If you are an early stage startup who has decided that raising capital from angel investors is a path to pursue, this post is for you.
For this Valentine’s Day post, we gathered top tips for finding angel investors and spiced it up with a cupid twist.
Raising an angel round of funding is like finding the ONE
First, recognize that investors aren’t just a source of capital, they are your partners for five to seven years or until they “cash out.” Many consider themselves “value-added” investors in that they may be subject matter experts, or have industry knowledge in the problem that your startup seeks to solve or can connect you to those whose connections may accelerate your startup’s growth trajectory.
Many are former entrepreneurs themselves and while they are looking for a return on their investment, they do derive a certain amount of satisfaction from supporting members of the startup community i.e. you. But accepting angel capital is not a transaction, it is the start of a long term relationship. So identifying the right angels to approach is key to a successful relationship and collaboration.
Identifying your ideal angel investor
In dating, you have to know what you want in a partner before you can find him/her. In raising angel capital, matching up your startup to an investor’s industry-specific interests (based on previous or current portfolio companies) and her/his domain expertise will help you find angels who have a higher probability of being receptive to your pitch. Developing a target list with whom you want to develop relationships with i.e. “court” is the first step to identifying the ideal angel(s).
Easy Sleuthing Tactics
- Use social media. There are a number of specialty tools that help keep track and gather intelligence about angels. But following their updates on Linkedin, Twitter and if they have personal blogs, following them there and leaving comments across all three channels, will help you get to know your subjects better and how to get their attention.
- Meetups/Mixers. If you are already conducting #1, you will most likely know which events they are attending. You will also not have too much trouble striking up a conversation at these events since you know what’s on their mind based on their social sharing.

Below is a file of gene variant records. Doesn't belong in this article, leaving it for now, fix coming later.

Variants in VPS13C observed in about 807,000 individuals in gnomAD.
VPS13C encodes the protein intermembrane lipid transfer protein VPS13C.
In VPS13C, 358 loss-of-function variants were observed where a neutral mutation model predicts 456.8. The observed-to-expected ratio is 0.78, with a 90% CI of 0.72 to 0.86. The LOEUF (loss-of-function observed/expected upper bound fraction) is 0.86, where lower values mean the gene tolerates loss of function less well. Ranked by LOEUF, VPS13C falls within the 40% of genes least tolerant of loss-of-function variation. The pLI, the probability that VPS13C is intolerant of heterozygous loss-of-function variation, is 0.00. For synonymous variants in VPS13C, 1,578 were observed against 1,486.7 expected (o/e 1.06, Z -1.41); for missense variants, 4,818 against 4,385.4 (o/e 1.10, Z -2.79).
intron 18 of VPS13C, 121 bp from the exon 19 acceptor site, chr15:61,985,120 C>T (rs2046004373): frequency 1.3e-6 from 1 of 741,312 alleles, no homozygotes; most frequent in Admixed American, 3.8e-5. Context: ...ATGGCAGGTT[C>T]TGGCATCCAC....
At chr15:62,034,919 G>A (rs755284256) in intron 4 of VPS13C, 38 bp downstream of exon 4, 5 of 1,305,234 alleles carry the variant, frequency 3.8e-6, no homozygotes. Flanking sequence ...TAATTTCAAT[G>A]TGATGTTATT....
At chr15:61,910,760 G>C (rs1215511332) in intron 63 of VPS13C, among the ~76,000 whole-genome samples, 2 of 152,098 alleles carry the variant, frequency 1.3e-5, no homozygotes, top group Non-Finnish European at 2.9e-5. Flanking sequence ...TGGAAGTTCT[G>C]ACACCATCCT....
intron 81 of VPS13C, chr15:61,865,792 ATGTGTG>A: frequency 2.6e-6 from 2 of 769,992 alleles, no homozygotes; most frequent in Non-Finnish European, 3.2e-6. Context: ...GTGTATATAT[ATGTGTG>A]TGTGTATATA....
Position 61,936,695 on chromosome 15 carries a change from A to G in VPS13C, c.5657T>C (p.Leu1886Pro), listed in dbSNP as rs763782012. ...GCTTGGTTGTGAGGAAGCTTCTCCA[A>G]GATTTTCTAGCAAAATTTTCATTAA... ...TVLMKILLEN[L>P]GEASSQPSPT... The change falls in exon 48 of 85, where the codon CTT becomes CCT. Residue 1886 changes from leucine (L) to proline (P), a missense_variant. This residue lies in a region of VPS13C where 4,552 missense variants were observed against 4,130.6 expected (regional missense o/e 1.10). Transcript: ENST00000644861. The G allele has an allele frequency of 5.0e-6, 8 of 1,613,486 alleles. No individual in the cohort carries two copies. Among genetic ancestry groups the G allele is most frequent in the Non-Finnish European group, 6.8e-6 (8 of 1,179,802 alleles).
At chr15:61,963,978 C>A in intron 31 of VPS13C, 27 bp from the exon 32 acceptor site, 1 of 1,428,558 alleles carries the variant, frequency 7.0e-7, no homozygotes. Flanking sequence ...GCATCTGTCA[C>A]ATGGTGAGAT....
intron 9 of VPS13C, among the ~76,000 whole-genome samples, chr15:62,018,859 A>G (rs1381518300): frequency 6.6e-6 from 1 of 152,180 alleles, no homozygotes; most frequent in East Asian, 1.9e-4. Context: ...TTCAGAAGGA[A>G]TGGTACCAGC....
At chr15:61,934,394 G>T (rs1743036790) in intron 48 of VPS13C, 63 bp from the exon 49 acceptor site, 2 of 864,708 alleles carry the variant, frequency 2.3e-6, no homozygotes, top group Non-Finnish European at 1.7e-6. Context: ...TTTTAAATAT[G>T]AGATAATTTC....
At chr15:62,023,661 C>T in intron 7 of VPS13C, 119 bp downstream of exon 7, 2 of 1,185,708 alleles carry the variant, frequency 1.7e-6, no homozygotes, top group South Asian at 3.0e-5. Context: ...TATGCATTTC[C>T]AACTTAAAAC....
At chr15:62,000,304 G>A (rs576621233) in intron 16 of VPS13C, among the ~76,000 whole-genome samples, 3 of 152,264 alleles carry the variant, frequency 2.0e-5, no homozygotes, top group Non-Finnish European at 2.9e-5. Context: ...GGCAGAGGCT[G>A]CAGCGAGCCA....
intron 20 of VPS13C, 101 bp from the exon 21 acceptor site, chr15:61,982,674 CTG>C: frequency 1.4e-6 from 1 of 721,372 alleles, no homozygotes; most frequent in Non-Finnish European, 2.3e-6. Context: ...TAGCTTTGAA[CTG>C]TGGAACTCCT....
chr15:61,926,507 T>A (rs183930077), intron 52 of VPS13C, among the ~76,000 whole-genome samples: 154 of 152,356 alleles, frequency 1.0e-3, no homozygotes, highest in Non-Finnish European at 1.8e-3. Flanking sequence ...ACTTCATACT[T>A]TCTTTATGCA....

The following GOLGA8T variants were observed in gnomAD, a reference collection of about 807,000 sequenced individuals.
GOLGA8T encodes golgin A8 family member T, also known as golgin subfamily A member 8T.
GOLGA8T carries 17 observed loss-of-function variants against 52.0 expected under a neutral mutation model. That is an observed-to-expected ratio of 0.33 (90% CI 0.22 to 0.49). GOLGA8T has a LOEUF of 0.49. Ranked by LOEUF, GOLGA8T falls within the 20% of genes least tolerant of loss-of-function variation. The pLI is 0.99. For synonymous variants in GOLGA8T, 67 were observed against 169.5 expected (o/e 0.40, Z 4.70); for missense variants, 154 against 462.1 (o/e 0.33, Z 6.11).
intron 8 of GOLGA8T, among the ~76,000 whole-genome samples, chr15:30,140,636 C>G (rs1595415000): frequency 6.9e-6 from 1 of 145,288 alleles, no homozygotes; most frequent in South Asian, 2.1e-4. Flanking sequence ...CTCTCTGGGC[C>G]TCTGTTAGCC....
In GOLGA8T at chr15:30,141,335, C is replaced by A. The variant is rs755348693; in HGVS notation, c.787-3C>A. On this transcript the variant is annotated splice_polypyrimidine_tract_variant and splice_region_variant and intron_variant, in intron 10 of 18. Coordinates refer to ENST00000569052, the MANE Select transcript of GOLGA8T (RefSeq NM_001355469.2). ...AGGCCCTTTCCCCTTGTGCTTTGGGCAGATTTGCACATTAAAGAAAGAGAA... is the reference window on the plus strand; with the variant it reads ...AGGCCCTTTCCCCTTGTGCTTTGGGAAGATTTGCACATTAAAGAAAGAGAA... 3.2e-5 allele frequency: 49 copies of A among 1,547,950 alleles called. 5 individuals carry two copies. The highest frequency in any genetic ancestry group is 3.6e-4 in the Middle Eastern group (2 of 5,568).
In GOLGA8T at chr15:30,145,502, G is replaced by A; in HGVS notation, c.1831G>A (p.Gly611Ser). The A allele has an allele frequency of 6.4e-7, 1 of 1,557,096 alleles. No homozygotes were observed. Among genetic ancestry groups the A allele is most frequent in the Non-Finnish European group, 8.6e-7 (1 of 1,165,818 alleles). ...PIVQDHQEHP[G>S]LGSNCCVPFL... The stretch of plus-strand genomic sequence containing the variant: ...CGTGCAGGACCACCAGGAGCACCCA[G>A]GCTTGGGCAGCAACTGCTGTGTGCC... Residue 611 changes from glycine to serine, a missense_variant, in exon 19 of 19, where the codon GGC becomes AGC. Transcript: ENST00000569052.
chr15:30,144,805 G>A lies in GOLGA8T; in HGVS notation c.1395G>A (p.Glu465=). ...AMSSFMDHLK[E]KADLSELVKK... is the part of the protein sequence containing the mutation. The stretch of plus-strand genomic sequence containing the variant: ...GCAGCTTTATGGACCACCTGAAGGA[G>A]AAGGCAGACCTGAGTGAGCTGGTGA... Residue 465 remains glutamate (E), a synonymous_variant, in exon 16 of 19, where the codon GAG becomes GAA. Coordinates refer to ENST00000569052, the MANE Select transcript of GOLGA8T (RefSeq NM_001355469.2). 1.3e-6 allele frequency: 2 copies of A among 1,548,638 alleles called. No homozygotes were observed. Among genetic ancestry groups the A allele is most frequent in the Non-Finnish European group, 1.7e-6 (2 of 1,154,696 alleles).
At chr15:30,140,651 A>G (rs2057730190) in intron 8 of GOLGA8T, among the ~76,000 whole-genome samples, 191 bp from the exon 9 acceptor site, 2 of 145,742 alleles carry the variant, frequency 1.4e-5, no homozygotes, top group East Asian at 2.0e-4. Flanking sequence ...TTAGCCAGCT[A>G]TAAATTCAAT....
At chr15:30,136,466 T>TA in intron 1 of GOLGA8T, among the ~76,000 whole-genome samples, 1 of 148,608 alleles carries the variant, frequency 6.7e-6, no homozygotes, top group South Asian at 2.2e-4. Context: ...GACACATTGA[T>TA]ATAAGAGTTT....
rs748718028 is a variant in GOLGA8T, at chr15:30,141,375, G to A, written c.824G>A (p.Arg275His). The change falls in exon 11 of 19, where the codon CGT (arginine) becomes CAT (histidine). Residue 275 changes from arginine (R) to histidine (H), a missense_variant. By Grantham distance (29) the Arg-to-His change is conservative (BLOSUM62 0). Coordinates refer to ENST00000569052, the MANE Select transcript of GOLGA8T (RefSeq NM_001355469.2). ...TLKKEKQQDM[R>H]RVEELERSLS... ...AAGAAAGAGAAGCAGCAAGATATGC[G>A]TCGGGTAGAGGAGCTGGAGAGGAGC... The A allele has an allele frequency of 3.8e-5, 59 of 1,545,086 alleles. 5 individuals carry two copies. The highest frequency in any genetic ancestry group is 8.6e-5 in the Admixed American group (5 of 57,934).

Asking for a meeting(date)
If you’re single, asking someone out on a date can be nerve-wrecking. The same is true asking your ideal angel for a meeting to discuss your startup. But before you can ask them for a meeting, you must first meet them where they are.
Meeting Your Ideal Angel
- Get in Traffic. Just as you had to “Get out of the Building” while conducting customer discovery for your startup, you have to do the same to meet angels or those who can make introductions to angels. Singles have bars, laundromats and grocery stores, startups have meetups, pitch competitions and hackathons. Use social channels to discover where your angel(s) will be and meet them there. When you are at the event, see #2.
- KISS. Keep it Short and Simple. If you are meeting him/her at an event in which they’ve just given a presentation, there is probably a whole line of people waiting to talk to him/her. So be sure you have your one-sentence pitch down TAILORED to his/her interests which you know all about because you’ve been
stalkingfollowing him/her in social channels. Customizing your pitch will help him/her remember you and being considerate about your fellow attendees’ time will predispose him/her to taking your call.
- Matchmakers. Some of the best romantic matches are made through personal introductions. Your professional service provider be it legal counsel or accountant can be some of the most valuable sources of introductions to potential angel investors. In that same vein, don’t discount your advisory board members. Some might be potential investors themselves. While others may be able to provide a warm introduction to the right angels.
Finally, AngelList and Gust.com are to startups what match.com and eharmony.com are to singles. We will delve into ways to maximize the value of these platforms in a future post.
But for now, what else should startups do to identify the right angels and get that first meeting?